Dick Clark, who helped promote the careers of some of the biggest names in rock and pop music on American TV, has died aged 82.
Clark, who presented the long-running music show American Bandstand and an annual New Year’s Eve special from Times Square in New York, had a heart attack at a hospital in California. He had been there for an outpatient procedure.
Clark was often referred to as “the world’s oldest teenager” because of his youthful appearance.
He had continued working even after suffering a debilitating stroke in 2004.
American Bandstand, the show Clark hosted for three decades, transformed the way music was presented on TV. Clark joined the show in 1956 and it soon became a US phenomenon, helping to bring rock’n’roll into the mainstream.
Clark would later describe the series this way: “I played records, the kids danced and America watched.”
Alice Cooper paid the following tribute: “I used to come home from elementary school to watch American Bandstand. It had all the new songs, all the new dances, and it had the happiest guy in the world presenting them to you. I had no idea that later in my career I would know Dick Clark on a professional level. I ran into him some years ago, and he said to me: ‘Hey, Coop, if you had your own radio show, what would it be like?’ I told him it would be more like the free-form FM stations of the 60s, where the DJs actually played what they liked and demographics didn’t play a role. He said: ‘Alice, why don’t you do it then?’ Just like that, my radio show, Nights With Alice Cooper, was born. It’s been nine years later and I’m still on the air! And let me just add that NOBODY loved rock’n’roll more than Dick Clark!”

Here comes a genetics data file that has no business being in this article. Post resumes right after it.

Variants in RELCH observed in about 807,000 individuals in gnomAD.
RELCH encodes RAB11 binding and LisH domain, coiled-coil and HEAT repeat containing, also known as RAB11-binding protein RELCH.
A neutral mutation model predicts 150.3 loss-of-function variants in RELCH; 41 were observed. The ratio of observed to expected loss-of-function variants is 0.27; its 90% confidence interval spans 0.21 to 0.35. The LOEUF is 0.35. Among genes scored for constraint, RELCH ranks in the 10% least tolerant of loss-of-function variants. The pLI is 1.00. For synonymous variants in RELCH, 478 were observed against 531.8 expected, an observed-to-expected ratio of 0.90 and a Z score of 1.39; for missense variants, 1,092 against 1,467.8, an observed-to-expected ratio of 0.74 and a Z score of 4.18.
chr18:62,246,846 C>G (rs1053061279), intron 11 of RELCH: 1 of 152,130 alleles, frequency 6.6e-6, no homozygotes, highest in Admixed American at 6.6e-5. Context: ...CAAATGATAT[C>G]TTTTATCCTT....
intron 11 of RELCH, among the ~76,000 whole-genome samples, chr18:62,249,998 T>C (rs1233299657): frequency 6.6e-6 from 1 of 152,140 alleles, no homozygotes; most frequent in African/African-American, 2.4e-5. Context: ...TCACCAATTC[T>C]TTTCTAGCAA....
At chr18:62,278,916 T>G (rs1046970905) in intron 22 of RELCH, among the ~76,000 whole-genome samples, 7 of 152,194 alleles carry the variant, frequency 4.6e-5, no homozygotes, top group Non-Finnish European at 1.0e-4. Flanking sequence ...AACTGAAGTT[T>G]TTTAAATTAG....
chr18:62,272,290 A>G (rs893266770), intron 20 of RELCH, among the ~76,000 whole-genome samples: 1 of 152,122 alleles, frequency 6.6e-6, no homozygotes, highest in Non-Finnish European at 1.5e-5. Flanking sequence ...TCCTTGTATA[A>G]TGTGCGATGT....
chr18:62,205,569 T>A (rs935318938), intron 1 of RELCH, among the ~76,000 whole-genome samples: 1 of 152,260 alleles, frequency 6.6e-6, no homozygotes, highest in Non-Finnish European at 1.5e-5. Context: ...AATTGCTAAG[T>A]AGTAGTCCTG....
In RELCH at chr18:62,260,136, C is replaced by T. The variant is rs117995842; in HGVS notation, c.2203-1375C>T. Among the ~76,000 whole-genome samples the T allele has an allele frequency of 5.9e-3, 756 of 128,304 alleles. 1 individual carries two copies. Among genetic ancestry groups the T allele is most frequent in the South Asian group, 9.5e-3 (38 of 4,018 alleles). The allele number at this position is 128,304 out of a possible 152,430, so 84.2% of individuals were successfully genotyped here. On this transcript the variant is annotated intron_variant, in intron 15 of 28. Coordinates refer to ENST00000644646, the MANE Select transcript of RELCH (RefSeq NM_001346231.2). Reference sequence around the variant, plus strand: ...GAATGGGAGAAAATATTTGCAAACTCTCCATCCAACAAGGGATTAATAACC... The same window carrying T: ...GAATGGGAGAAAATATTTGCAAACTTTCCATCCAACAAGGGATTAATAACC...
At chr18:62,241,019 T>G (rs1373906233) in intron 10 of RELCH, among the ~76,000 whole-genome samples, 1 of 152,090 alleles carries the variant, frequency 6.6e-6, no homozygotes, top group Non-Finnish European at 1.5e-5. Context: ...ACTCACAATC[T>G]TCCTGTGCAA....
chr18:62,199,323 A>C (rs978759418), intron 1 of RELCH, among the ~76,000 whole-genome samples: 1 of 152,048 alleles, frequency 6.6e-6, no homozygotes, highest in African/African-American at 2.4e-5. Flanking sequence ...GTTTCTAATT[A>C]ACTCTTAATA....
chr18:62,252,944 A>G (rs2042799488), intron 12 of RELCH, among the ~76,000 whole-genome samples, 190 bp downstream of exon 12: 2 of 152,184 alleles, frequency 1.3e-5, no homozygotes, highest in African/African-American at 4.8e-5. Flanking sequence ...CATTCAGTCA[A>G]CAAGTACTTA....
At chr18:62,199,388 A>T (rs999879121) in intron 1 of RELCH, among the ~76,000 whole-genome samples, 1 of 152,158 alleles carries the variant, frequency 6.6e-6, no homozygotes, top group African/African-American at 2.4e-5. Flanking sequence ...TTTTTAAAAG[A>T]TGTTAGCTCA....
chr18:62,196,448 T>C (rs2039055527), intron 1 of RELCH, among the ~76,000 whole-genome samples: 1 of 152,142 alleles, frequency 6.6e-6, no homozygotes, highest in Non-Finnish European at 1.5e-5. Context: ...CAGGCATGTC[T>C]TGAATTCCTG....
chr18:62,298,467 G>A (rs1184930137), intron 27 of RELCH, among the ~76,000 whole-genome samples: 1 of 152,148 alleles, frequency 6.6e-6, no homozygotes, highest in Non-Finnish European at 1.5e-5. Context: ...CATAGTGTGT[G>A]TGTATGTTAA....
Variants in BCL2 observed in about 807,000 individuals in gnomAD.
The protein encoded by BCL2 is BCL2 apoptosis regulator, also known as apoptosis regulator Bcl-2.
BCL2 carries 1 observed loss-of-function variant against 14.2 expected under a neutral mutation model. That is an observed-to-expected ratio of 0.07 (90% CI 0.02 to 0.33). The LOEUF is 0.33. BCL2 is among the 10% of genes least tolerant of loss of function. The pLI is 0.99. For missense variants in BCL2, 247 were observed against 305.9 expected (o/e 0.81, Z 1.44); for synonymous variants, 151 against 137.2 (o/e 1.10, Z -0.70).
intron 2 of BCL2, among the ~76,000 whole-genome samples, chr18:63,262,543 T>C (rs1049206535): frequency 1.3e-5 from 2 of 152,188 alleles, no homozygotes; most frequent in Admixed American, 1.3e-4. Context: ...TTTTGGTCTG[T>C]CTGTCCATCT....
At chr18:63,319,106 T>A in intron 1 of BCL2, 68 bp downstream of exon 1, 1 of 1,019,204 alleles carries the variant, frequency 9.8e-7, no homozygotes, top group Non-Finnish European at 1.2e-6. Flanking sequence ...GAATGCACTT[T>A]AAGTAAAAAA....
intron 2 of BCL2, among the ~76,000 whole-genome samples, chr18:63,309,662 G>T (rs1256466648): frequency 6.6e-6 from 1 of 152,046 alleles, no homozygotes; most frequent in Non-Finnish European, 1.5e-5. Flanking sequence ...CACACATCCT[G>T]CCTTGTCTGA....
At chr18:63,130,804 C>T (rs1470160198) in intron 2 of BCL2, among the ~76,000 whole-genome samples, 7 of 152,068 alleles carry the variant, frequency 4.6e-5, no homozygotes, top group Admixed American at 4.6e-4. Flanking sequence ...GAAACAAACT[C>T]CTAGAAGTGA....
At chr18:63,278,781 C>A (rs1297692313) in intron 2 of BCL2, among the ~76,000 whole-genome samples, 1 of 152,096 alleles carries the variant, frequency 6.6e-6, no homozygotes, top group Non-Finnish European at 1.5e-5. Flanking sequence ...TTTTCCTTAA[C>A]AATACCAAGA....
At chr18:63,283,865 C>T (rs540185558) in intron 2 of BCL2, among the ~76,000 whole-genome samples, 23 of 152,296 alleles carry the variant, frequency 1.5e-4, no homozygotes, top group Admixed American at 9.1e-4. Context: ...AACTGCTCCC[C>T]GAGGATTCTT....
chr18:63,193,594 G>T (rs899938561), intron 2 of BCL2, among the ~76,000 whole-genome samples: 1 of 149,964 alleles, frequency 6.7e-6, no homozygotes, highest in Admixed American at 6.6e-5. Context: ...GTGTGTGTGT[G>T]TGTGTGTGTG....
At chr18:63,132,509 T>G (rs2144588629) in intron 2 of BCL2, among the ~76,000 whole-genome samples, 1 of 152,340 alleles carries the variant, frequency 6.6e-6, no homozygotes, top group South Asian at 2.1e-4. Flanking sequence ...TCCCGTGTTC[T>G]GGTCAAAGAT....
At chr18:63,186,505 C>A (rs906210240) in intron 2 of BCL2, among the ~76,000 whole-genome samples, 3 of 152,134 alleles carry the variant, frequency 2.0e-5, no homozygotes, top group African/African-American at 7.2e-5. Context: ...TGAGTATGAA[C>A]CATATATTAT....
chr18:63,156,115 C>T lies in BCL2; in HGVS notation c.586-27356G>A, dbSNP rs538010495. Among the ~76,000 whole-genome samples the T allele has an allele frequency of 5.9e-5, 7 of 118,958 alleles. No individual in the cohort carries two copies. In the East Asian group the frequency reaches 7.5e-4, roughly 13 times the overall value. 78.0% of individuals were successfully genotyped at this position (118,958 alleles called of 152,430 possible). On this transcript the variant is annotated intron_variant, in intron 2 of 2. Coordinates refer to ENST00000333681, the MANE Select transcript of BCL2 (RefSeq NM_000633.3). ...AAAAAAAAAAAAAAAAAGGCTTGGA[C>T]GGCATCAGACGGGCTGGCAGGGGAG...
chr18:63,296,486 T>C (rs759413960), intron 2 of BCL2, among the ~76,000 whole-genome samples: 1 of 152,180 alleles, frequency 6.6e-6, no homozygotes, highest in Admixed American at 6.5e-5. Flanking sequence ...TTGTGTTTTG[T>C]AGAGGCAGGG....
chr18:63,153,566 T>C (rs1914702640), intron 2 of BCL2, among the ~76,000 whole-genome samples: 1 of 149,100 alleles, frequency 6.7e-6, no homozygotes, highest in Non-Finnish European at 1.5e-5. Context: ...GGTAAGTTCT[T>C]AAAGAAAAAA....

Kiss’ Paul Stanley said: “As a little boy I sat transfixed to our television every afternoon and Saturday night watching American Bandstand. Dick Clark was the face of rock and roll and its best ambassador. His decades of successes both in and outside of the music industry are unparalleled. He championed Kiss when others turned away and was instrumental in breaking us through his show In Concert. Through the years Dick was always available when I had a question or wanted guidance. Dick Clark was the rare exception who was a bigger person in real life than the public image or legend that was also to be his legacy. I will remember him with great respect and gratitude.”
Ann Wilson said on Heart’s Twitter page: “Back in the 1960s the pop culture catchphrase was: ‘Never trust anyone over 30.’ Dick Clark was trustworthy all the way home. Rock on sir!”
Duane Eddy also tweeted: “Rest in peace, Dick Clark. Forever in the rock and roll memory of America.”
The Twitter account of Times Square added: “We are absolutely heartbroken. One of our favorite people, and a Times Square New Year’s Eve icon, Dick Clark has passed away at age 82.”